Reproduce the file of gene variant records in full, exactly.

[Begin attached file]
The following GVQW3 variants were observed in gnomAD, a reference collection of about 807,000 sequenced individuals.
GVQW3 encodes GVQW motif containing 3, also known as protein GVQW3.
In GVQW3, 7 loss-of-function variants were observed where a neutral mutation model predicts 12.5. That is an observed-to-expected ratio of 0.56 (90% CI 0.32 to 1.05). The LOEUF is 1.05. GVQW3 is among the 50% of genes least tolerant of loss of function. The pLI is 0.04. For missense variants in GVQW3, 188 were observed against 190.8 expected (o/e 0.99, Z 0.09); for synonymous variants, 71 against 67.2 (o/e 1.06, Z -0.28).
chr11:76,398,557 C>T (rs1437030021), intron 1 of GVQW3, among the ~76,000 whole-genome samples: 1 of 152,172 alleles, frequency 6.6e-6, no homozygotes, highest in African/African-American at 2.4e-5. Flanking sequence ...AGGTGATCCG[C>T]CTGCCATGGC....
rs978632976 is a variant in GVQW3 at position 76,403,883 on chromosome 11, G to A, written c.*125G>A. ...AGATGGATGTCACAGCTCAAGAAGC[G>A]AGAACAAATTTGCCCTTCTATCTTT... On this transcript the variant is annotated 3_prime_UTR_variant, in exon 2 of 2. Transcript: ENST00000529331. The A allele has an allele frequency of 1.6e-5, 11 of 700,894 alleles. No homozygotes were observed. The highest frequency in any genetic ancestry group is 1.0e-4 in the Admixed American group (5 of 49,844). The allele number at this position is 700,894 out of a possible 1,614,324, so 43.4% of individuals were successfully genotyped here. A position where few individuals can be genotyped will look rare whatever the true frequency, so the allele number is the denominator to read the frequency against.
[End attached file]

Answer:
The following GVQW3 variants were observed in gnomAD, a reference collection of about 807,000 sequenced individuals.
GVQW3 encodes GVQW motif containing 3, also known as protein GVQW3.
In GVQW3, 7 loss-of-function variants were observed where a neutral mutation model predicts 12.5. That is an observed-to-expected ratio of 0.56 (90% CI 0.32 to 1.05). The LOEUF is 1.05. GVQW3 is among the 50% of genes least tolerant of loss of function. The pLI is 0.04. For missense variants in GVQW3, 188 were observed against 190.8 expected (o/e 0.99, Z 0.09); for synonymous variants, 71 against 67.2 (o/e 1.06, Z -0.28).
chr11:76,398,557 C>T (rs1437030021), intron 1 of GVQW3, among the ~76,000 whole-genome samples: 1 of 152,172 alleles, frequency 6.6e-6, no homozygotes, highest in African/African-American at 2.4e-5. Flanking sequence ...AGGTGATCCG[C>T]CTGCCATGGC....
rs978632976 is a variant in GVQW3 at position 76,403,883 on chromosome 11, G to A, written c.*125G>A. ...AGATGGATGTCACAGCTCAAGAAGC[G>A]AGAACAAATTTGCCCTTCTATCTTT... On this transcript the variant is annotated 3_prime_UTR_variant, in exon 2 of 2. Transcript: ENST00000529331. The A allele has an allele frequency of 1.6e-5, 11 of 700,894 alleles. No homozygotes were observed. The highest frequency in any genetic ancestry group is 1.0e-4 in the Admixed American group (5 of 49,844). The allele number at this position is 700,894 out of a possible 1,614,324, so 43.4% of individuals were successfully genotyped here. A position where few individuals can be genotyped will look rare whatever the true frequency, so the allele number is the denominator to read the frequency against.